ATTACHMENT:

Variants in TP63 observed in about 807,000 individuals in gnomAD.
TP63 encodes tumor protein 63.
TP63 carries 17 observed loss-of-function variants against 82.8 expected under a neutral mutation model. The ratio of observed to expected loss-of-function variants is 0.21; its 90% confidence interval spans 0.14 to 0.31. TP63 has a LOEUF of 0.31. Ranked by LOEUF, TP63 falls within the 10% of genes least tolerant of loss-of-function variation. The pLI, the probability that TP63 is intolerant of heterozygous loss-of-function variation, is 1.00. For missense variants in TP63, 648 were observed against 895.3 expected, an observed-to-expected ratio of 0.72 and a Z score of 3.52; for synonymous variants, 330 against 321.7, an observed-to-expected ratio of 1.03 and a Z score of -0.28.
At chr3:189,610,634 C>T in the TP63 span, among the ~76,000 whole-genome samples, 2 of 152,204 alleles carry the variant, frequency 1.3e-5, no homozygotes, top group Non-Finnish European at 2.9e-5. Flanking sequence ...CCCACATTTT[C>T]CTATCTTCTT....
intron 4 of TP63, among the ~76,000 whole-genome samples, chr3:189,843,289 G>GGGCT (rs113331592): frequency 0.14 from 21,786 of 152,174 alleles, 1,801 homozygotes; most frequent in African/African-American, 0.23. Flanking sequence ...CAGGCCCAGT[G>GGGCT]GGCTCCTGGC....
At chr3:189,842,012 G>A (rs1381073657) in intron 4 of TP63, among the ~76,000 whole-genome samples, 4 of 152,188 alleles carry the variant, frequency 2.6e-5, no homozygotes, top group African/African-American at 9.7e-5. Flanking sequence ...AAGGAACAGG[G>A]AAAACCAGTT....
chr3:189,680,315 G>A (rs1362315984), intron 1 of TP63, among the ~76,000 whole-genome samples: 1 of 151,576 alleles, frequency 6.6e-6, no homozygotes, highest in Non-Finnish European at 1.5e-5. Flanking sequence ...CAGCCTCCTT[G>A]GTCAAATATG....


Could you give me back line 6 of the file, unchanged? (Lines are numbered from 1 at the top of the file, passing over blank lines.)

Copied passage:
At chr3:189,842,012 G>A (rs1381073657) in intron 4 of TP63, among the ~76,000 whole-genome samples, 4 of 152,188 alleles carry the variant, frequency 2.6e-5, no homozygotes, top group African/African-American at 9.7e-5. Flanking sequence ...AAGGAACAGG[G>A]AAAACCAGTT....